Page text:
INDY AUTHOR'S BOOKS
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TWO BY AUTHOR JOEL DENNSTEDT
From roller-skating carhop to English teacher, Gladys H. Ashenfelter takes us
with her on her journey through her many jobs over the decades. Laced with humor, historical tidbits, and honesty, "20 Jobs: A Memoir" is a hard-to-put-down read. We see her
mature from an insecure and inexperienced teen worker to a successful woman who has fought more than her fair share of battles in life.
As a writer, Gladys brings such descriptiveness to not only the jobs, but the work environments, her family dynamics, and the mores and morals of the times (past and present) that we feel we are walking her path with her. Laced with self-effacing humor and nuggets of self-discovery, she shares her mistakes and failures in addition to her triumphs. There are many laugh out loud moments in her memories, and one can not help but admire her determination to better herself through formal education and the lessons learned through life experience.
"20 Jobs: A Memoir" is a fascinating and delightful read. I highly recommend it not only to the adult reader, but also to teens who are just setting foot in the job market, for it shows the truth of how that first humble low paying service job is a necessary step toward the reward of finding our true path.
This is a disturbing yet touching story about Bobby, a physically abused boy, and the events of one summer that changed the course of his life. Written mostly in Bobby's narrative voice, it is hard to put down.
Author Ronnie L. Richards, himself a survivor of childhood abuse, has utilized his pain and the damage in its wake to craft this unforgettable tale. Yet, don't think this is a happily-ever-after account. It is full of raw honestly, intimately-drawn characters, and ironic humor. His description of the little Oklahoma town and the isolated farmhouse that is home to Bobby and his parents perfectly sets the atmosphere of arid, unrelenting, hopelessness. The parents are reflections of that isolation and hopelessness - the father a raging alcoholic, and the long-suffering mother barely keeping her sanity through all the beatings. Yet, Bobby and his mother are truly the strong ones in this situation, their steadfast love for each other their impetus to persevere, even if it means sacrifice.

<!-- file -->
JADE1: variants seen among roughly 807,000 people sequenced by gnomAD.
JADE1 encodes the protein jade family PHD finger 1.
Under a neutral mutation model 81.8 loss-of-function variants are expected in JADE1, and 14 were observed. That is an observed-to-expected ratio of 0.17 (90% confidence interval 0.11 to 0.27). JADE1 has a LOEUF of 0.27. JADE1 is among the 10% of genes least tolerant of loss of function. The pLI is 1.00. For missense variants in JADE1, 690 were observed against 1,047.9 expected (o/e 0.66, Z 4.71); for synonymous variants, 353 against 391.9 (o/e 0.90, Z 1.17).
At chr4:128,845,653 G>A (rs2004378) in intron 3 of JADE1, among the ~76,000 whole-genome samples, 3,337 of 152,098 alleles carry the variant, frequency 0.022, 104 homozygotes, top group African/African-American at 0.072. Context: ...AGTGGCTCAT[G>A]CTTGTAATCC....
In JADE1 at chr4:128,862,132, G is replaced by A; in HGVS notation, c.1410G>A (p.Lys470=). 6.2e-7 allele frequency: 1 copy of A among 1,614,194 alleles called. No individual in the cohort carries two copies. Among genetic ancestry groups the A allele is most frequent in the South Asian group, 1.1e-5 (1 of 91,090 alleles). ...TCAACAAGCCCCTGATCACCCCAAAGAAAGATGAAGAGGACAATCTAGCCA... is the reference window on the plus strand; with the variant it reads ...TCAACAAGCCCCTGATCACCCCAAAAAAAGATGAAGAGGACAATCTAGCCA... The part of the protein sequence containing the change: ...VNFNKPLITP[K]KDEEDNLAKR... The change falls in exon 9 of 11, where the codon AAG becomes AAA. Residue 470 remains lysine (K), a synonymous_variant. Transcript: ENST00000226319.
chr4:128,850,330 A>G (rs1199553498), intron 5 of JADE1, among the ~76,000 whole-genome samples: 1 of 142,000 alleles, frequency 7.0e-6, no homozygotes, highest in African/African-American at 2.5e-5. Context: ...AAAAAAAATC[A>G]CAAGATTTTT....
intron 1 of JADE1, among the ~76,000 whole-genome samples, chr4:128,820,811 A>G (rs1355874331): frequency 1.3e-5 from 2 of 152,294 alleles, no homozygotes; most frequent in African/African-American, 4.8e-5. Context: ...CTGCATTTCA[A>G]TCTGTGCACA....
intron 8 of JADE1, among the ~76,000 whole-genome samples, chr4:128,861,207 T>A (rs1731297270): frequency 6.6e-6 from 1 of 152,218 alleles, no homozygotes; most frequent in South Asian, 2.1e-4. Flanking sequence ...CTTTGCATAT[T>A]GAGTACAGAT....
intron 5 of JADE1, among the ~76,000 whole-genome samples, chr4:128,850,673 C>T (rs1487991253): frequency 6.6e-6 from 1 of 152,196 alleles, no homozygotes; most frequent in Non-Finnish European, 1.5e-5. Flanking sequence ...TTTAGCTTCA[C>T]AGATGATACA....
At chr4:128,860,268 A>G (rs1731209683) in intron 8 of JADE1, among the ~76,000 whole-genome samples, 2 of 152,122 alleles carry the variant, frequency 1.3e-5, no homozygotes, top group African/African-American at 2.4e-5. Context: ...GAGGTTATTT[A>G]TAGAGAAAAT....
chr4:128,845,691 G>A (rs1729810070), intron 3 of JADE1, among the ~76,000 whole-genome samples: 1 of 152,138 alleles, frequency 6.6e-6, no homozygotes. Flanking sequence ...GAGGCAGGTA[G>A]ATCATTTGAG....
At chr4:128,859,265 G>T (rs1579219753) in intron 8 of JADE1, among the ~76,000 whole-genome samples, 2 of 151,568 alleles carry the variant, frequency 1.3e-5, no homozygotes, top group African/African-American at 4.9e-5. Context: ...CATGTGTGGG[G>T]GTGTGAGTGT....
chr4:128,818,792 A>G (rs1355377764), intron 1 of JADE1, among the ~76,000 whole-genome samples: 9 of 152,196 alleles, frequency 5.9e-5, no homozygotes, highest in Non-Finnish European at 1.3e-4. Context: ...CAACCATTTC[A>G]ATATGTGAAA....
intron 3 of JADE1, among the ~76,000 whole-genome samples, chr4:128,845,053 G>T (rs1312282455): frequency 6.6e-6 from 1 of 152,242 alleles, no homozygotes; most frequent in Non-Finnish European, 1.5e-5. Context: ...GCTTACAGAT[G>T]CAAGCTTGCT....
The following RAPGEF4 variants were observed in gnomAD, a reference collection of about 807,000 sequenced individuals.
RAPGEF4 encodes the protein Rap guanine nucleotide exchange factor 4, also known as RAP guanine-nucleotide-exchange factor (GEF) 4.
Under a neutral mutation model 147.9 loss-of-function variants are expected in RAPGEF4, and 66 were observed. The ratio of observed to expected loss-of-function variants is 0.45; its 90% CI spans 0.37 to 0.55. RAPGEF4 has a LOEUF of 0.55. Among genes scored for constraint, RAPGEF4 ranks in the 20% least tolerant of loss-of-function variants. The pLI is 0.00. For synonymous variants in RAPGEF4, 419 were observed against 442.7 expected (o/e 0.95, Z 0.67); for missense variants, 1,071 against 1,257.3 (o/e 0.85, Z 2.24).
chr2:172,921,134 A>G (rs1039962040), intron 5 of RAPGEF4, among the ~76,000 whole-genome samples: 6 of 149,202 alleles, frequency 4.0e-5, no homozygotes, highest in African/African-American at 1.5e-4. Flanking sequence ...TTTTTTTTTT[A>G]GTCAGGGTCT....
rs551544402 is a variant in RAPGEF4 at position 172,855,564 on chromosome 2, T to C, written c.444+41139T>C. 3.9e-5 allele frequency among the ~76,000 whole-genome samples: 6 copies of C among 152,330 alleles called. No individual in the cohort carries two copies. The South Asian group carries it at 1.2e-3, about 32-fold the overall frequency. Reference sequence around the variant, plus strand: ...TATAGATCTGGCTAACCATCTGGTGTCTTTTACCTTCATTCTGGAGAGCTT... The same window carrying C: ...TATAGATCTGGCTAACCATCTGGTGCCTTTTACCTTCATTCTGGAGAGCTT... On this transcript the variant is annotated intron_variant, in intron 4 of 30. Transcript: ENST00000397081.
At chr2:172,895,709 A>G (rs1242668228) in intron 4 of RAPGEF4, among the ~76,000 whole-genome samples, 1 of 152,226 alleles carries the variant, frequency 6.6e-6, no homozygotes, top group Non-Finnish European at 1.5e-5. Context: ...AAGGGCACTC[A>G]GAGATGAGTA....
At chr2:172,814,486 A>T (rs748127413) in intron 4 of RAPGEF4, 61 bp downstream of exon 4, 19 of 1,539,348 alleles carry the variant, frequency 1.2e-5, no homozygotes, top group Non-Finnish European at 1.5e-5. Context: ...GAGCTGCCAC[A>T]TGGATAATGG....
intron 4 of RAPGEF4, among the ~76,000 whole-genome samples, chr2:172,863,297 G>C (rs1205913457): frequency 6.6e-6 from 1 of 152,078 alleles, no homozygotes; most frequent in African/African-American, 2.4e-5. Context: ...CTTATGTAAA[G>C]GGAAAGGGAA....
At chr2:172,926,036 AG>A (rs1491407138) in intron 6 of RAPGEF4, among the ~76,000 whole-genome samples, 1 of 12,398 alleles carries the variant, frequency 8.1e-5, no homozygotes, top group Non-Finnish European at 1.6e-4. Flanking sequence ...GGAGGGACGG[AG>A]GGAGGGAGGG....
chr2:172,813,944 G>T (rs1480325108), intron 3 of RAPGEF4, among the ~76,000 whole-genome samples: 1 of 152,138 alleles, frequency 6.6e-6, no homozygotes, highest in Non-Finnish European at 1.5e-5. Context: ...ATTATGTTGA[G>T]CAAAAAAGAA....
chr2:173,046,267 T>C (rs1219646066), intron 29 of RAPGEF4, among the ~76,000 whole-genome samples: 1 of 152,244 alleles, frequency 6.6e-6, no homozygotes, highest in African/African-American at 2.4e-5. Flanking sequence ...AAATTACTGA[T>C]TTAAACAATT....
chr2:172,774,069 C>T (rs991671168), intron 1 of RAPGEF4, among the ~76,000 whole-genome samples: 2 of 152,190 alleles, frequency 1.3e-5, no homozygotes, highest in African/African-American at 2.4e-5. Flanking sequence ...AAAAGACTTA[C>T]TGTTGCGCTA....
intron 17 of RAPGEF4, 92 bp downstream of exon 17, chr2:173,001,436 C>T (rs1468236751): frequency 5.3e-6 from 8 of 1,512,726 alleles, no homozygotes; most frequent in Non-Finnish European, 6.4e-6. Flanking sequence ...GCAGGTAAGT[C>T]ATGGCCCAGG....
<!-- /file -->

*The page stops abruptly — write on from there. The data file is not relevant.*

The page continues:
I highly recommend "Shadow Comfort."
Very, very good writing style makes this an easy and pleasurable read. "Due for Discard" is full of humor (some really LOL moments!), intriguing characters, and vivid atmosphere. I loved the llamas that shared the ranch with Aimee - a unique alternative to the usual cats and dogs that show up in mystery novels. The protagonist is very likeable, although I was puzzled as to why she was so curious to solve the murder of her boss's wife, since she had only just met the man when she began working for him at the beginning of the book, and really had not developed a close relationship to him. Perhaps Aimee is just one of those nosy types who loves to solve mysteries. Aside from that, I really enjoyed "Due for Discard," and look forward to author Sharon St. George's subsequent books in this series.
"The Tree of Rebels" is an absolute page-turner that kept me reading well beyond my bedtime. As a matter of fact, Chantelle Atkins's brilliant writing, characters, and compelling story line had me doing the "one more chapter" thing into many sunrises. I will not go into describing the plot here, since other reviewers have already done that. This is a very satisfying read with distinct characters who propel the story forward. I am giving this book (the first in a series) my highest recommendation.